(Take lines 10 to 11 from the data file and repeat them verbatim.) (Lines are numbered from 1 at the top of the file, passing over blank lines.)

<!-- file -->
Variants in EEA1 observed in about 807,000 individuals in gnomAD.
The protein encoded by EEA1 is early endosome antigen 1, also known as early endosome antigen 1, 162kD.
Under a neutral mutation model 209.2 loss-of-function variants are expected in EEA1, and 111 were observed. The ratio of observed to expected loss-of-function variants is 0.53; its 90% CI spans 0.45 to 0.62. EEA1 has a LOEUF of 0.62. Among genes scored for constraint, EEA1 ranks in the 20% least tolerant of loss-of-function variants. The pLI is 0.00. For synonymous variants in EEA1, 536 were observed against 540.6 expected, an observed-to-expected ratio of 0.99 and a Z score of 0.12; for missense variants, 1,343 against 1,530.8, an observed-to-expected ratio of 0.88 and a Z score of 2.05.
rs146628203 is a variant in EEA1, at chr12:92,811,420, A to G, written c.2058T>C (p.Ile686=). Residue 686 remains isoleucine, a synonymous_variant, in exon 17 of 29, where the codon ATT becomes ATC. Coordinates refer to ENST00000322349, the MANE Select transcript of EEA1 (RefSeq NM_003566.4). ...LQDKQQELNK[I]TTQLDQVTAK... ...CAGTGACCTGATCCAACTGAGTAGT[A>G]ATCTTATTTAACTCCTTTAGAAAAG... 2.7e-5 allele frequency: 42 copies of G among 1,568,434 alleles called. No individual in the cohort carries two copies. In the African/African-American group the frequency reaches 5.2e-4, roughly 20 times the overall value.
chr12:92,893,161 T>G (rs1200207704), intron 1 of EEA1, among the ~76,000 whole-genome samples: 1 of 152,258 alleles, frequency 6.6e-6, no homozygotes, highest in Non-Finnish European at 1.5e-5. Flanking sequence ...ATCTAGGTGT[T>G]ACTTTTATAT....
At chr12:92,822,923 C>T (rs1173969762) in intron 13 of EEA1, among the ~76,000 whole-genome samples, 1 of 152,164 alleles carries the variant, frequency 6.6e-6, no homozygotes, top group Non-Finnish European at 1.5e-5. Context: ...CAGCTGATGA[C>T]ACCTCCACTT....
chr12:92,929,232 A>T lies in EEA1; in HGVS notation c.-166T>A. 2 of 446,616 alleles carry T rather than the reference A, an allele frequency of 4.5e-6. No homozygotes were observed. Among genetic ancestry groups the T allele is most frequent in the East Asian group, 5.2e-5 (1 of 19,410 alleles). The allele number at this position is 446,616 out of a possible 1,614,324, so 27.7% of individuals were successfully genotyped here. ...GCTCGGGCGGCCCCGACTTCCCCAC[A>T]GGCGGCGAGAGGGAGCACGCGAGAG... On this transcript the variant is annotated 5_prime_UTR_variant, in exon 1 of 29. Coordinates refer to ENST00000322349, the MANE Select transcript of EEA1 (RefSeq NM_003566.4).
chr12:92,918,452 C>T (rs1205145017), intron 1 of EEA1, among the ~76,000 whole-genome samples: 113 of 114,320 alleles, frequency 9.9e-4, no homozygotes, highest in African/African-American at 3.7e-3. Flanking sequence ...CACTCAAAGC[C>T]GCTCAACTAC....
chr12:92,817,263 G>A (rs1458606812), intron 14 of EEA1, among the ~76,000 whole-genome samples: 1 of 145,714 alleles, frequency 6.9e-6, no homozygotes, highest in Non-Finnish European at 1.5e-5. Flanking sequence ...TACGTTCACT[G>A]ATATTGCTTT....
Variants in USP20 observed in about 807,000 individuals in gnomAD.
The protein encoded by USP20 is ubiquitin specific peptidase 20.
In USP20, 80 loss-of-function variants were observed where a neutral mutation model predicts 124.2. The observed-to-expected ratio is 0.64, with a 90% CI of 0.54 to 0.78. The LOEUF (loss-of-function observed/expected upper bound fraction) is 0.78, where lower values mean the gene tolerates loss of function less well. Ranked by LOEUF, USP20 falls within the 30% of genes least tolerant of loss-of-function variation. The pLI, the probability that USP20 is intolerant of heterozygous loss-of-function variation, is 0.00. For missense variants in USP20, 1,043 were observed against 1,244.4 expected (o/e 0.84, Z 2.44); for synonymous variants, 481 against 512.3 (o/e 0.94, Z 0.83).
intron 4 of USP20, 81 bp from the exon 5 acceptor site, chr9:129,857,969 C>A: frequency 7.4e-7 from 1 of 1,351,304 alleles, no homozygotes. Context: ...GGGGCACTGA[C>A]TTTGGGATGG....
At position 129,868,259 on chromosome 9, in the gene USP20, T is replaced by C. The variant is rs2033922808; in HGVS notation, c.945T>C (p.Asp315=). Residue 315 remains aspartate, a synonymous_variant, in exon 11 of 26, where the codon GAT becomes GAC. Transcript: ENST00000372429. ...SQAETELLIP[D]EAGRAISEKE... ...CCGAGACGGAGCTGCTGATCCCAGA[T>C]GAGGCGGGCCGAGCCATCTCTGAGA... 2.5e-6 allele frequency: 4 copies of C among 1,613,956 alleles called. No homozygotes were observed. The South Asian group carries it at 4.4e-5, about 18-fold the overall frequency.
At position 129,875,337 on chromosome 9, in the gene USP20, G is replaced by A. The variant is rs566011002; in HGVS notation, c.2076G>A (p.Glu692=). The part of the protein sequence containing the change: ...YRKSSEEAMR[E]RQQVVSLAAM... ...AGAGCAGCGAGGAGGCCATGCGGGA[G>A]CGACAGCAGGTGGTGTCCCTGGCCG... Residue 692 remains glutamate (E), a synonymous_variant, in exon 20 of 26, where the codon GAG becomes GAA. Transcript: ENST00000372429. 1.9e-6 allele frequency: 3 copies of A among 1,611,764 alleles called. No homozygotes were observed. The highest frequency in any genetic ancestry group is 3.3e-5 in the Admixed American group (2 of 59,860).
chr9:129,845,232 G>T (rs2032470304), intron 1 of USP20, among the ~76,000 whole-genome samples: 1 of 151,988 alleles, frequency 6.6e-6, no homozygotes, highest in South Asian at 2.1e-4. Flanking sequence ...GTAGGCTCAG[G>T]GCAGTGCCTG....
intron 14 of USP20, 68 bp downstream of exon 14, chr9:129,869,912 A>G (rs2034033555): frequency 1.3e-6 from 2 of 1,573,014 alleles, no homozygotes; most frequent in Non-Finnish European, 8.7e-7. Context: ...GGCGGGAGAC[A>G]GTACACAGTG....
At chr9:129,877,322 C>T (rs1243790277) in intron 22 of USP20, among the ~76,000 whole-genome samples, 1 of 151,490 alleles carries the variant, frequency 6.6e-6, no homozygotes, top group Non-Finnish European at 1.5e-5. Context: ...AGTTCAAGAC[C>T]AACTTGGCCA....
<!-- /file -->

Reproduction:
Variants in USP20 observed in about 807,000 individuals in gnomAD.
The protein encoded by USP20 is ubiquitin specific peptidase 20.